The government of Ghana must put in more effort to improve the lot of Ghanaian exporters and make them competitive ahead of the eventual implementation of the Economic Partnership Agreement (EPA).
The Ghanaian exporters believe they must be able to stand competition from their foreign counterparts which is currently not the case.
They argue that the decreasing production levels coupled with the lack of raw materials, rising cost of operation as well as the cedi depreciation does not favour their economic activity.
The Corporate Affairs Manager of Blue Skies Limited, Alistair Djimatey, told Accra-based Citi FM that if these situations are not resolved they will have dire consequences on the economy.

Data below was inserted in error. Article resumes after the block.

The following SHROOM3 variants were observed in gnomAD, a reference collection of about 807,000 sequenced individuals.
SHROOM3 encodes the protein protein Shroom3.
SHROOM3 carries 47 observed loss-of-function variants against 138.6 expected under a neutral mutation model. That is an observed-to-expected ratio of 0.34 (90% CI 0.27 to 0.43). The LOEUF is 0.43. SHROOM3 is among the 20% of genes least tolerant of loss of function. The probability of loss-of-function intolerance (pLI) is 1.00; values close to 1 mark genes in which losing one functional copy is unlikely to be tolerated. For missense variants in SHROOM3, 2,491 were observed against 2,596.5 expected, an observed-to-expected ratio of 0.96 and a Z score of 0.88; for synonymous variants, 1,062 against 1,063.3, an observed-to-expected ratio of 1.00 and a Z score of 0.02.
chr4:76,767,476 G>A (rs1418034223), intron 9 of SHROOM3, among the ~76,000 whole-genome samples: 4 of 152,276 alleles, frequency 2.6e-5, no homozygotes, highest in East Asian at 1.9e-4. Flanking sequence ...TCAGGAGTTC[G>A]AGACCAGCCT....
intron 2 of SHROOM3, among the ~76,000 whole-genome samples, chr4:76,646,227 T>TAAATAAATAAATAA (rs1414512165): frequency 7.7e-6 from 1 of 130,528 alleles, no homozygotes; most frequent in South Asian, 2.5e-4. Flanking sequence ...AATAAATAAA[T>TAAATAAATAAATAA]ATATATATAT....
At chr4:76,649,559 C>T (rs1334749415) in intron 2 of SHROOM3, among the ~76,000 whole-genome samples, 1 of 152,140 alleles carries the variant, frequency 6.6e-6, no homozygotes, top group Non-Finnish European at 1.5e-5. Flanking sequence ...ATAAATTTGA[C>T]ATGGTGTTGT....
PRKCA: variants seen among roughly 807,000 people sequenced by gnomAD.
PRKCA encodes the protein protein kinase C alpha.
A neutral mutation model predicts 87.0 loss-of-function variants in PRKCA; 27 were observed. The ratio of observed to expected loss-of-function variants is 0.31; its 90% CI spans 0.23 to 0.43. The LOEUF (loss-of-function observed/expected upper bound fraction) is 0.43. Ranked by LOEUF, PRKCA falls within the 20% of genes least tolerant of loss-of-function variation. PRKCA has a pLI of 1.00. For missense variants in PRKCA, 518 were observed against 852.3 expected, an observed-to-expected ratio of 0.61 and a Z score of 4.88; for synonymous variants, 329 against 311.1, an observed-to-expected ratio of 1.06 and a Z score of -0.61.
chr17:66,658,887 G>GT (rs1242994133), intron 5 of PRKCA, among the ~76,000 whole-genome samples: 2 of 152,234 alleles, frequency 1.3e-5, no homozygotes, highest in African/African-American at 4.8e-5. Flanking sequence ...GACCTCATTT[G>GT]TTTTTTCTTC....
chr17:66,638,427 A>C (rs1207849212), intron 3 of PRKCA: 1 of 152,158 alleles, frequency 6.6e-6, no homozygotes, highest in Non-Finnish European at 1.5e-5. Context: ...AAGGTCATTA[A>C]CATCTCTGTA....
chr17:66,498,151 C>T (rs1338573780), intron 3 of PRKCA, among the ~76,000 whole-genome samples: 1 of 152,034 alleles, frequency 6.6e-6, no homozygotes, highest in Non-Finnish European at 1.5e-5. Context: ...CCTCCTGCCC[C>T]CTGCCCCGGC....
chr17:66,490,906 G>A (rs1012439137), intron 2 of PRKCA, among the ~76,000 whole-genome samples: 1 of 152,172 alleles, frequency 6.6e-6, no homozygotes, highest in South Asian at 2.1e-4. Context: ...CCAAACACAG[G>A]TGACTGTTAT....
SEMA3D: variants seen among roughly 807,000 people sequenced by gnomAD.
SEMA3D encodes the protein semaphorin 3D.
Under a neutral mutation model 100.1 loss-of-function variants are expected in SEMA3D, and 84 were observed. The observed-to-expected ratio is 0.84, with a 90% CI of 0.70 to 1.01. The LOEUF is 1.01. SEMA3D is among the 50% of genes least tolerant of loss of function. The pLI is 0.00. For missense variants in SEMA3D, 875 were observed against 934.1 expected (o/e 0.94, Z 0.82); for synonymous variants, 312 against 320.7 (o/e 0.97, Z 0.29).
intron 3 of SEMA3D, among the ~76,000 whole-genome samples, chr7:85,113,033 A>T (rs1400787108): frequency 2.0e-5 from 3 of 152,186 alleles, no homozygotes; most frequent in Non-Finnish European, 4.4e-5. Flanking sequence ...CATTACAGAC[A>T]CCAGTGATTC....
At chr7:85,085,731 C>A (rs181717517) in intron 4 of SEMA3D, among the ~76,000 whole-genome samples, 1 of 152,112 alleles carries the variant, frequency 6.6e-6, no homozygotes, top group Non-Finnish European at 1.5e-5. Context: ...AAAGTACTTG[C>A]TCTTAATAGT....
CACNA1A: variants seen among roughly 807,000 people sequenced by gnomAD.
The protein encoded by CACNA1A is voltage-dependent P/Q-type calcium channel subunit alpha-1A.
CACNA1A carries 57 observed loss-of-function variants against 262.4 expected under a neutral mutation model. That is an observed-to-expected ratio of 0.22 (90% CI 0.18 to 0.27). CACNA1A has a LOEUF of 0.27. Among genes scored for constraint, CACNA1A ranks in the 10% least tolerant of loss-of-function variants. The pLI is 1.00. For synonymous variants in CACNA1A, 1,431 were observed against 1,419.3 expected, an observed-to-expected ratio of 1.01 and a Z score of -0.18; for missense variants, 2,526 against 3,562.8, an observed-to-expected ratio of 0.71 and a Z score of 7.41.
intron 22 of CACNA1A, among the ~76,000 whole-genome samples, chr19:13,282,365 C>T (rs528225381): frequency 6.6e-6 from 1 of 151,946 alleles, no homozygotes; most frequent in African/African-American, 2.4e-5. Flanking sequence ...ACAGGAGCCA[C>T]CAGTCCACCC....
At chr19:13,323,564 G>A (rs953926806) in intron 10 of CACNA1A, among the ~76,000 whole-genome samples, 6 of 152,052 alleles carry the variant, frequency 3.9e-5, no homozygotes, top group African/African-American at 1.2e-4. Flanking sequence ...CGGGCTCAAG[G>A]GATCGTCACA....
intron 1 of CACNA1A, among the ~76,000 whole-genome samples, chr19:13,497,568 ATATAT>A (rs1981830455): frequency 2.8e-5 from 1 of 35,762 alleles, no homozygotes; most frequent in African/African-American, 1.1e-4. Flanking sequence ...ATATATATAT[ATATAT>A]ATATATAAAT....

“It will be very unfortunate if with all these opportunities we are not able to take advantage of to maximise this opportunity that we have to produce to meet demand and compete with the other companies outside Ghana,” he told Citi Business News.
In 2016 Ghana’s Parliament ratified the EPA.
Some West African countries have not signed but the agreement is expected to take off.
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The agreement will allow some Ghanaian exports to the European Market duty and quota free and vice versa.
Major exporters have advocated that Ghana signs onto the deal as it has a lot of opportunities for the economy at large.
Meanwhile, some analysts have been against the agreement arguing that it will allow for the dumping of goods from the European market.
But Djimatey who is a supporter of the EPA argues that the EPA is the way to go.
“The EPA is the way to go however we think we need to work on getting our production capacity increased so that we will be able to take advantage of the opportunities that the EPA provides for factory such as this so we will be able to meet the production demand of our customers outside Ghana,” he said.